Third-generation governance greatly empowers dapps and DAOs to be managed by their users without relying on an entrenched set of developers or leaders. As important as core blockchain protocols are, dapps and DAOs are how the vast majority of future users will interact with blockchain technologies. These dapps have the same needs to evolve and adapt, to maintain cohesive user communities, and to focus development resources as blockchains do. More so than the underlying blockchains, in fact because dapp resources are generally more limited than those of the underlying chain. By extending protocol-level tools maintained and advanced by the chain’s core developers, and adopted by the chain’s users via governance tools, blockchains with third-generation governance allow the dapps and DAOs deployed on them to more rapidly advance than dapps attempting to incorporate governance tools through their own ad hoc development efforts.
The first blockchain to incorporate third-generation governance is Telos. The Telos mainnet launched in December 2018 as a third-generation blockchain based on EOSIO with second-generation governance. Telos incorporates a number of advanced governance features including the election of validating nodes, allocation of work proposal system funds via Telos Works, dispute resolution with elected arbitrators via Telos Resolve, and the update of the Telos protocol, itself, based on user votes and controlled entirely by on-chain smart contracts via Telos Amend.
An update to the underlying Telos governance functions has now extended all of these features to dapps and DAOs on Telos via a suite of governance tools called Telos Decide, which are maintained by Telos core developers at the protocol level.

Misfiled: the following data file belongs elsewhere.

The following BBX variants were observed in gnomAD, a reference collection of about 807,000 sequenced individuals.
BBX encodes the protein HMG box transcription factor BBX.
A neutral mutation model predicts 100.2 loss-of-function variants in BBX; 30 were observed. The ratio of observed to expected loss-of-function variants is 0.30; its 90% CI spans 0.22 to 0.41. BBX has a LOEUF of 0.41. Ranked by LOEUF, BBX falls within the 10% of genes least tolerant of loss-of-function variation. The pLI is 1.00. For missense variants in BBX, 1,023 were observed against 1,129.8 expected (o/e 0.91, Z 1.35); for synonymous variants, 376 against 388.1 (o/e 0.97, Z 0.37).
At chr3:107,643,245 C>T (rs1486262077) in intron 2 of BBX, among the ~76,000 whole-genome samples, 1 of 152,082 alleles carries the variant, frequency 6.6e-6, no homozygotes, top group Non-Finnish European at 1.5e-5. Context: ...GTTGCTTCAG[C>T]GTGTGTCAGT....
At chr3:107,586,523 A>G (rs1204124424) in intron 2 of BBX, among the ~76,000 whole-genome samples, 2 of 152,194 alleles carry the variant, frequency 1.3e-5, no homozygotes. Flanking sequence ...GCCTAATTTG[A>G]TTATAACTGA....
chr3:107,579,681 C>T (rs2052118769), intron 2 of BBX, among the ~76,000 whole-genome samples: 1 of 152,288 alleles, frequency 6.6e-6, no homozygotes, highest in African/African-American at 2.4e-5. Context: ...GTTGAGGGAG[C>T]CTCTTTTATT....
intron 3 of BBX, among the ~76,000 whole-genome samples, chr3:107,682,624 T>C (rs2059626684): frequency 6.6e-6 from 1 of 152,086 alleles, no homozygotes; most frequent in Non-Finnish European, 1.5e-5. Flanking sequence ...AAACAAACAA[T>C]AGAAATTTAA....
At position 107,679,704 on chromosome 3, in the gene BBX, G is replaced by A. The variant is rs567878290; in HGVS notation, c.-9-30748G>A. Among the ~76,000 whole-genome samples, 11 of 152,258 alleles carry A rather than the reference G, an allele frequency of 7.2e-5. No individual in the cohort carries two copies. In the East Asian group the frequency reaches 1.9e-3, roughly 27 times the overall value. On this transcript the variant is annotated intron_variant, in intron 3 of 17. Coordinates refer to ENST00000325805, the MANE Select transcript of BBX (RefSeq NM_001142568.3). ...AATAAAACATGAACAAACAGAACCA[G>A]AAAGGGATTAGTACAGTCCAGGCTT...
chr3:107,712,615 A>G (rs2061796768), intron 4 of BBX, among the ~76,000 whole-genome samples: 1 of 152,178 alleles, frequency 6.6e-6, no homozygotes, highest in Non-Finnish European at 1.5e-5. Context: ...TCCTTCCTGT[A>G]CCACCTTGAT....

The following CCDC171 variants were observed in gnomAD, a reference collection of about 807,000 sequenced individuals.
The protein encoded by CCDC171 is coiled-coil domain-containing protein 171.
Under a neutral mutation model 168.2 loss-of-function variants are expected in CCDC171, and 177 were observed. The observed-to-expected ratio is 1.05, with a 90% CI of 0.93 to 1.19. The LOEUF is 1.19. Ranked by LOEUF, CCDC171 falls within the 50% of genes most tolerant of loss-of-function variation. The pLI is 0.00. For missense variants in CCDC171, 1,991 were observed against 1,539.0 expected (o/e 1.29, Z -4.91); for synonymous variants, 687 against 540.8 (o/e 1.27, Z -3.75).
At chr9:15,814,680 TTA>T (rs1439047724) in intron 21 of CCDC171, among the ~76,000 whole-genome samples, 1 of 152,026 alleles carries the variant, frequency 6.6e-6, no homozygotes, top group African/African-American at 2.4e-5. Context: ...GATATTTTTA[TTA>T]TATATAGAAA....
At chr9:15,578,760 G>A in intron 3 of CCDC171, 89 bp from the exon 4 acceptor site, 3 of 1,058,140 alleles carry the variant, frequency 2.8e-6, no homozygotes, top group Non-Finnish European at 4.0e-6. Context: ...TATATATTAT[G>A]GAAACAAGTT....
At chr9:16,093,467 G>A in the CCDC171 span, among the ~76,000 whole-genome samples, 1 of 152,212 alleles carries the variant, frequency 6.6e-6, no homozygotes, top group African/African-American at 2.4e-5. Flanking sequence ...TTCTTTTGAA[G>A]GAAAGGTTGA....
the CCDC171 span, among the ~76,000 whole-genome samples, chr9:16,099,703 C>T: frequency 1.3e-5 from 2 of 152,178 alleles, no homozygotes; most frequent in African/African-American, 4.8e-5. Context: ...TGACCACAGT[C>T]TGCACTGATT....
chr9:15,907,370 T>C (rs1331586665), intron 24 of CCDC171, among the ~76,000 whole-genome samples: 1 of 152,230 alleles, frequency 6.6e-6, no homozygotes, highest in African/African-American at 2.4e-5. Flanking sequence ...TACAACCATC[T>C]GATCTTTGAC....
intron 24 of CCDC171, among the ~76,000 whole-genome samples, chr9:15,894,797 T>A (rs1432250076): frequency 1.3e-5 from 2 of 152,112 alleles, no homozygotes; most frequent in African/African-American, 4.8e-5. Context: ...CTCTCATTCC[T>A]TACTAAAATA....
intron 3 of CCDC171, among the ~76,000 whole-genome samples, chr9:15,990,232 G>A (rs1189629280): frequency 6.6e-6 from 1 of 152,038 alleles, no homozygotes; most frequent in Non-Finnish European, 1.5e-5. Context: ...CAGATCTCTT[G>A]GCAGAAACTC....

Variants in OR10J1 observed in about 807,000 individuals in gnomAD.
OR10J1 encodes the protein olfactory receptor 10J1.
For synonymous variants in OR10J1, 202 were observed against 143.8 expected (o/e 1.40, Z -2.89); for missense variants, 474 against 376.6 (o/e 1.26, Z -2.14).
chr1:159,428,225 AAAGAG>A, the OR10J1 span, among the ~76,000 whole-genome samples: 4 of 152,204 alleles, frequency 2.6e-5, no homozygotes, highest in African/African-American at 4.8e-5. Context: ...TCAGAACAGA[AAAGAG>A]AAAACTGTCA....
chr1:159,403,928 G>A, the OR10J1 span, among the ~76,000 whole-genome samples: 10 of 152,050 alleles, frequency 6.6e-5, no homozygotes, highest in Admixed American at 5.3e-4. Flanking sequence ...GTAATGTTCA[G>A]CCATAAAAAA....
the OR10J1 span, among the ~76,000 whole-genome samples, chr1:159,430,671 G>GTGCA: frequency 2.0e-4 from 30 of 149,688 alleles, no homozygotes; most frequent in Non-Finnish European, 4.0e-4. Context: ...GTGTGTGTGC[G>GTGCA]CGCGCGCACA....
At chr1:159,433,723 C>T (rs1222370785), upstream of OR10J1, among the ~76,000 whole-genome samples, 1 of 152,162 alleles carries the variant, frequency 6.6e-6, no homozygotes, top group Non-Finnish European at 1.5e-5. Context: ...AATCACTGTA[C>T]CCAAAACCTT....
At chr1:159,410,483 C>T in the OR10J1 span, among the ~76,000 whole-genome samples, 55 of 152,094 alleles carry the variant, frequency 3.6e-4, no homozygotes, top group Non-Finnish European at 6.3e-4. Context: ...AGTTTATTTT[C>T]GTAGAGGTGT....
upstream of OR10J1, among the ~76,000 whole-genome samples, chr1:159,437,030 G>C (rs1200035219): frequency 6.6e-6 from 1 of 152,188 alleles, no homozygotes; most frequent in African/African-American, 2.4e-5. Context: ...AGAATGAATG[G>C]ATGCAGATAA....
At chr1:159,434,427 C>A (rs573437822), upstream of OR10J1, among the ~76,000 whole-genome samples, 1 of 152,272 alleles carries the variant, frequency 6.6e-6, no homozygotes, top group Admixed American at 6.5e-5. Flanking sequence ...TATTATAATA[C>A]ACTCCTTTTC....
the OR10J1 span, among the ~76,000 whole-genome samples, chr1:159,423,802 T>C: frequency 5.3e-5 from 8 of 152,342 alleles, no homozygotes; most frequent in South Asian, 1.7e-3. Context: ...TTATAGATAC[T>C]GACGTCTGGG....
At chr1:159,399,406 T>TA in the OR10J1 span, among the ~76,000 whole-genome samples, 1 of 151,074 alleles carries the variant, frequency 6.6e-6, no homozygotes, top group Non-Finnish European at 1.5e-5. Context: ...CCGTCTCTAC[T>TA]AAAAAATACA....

Telos Decide offers dapp developers a number of types of voting for ballot initiatives and elections, and committee building and management functions. All functions are highly configurable for things such as voting quorums and passage thresholds, terms of office for elected positions, and voting powers and requirements for committees. The tokens used to empower these governance features are also highly configurable, allowing divisible, transferrable tokens that serve both governance and economic functions, to limited-use tokens solely for governance that cannot be transferred or divided — and many possibilities between. For DAOs, Telos Decide will also soon offer modular tools for proposing and voting initiatives that have specific smart contract transactions triggered by their outcomes. (Alpha versions of these can be previewed at app.telos.net.)
While projects like Aragon have previously enabled the creation of configurable DAOs controlled by smart contracts, they were generally standalone dapp projects themselves with no connection to the underlying blockchain protocols and governance tools. Telos takes this to a new level, which allows a greater set of common programming standards and user interfaces due to the common programming interface. This will greatly unlock the potential of dapps and DAOs to govern themselves and adapt to issues that may have been unforeseen at the project’s outset.
While Telos is the first blockchain to create third-generation governance, it’s unlikely to be the last. Dapp developers understand the many advantages of self-sovereign, participatory governance as a way to build and maintain community, and to adapt and iterate based on the decisions of the users. Dapps are decentralized applications and to be truly decentralized, they must not be reliant on a small group of founders or developers for their decision-making and growth. Chains with third-generation governance features offer the dapps and DAOs built on them with the ability to fully deliver on this decentralization using common tools that all developers and users on the chain can quickly become familiar with using.
To learn more about Telos third-generation governance features, there is a Telos Governance Reference article and a Github repository of Telos Decide features.
About the author: Douglas Horn is the Telos architect and whitepaper author and a Telos core developer. He is the founder of GoodBlock, a Telos block producer and blockchain development company currently releasing the dStor decentralized data storage system.
by Douglas Horn
Source: Crypto New Media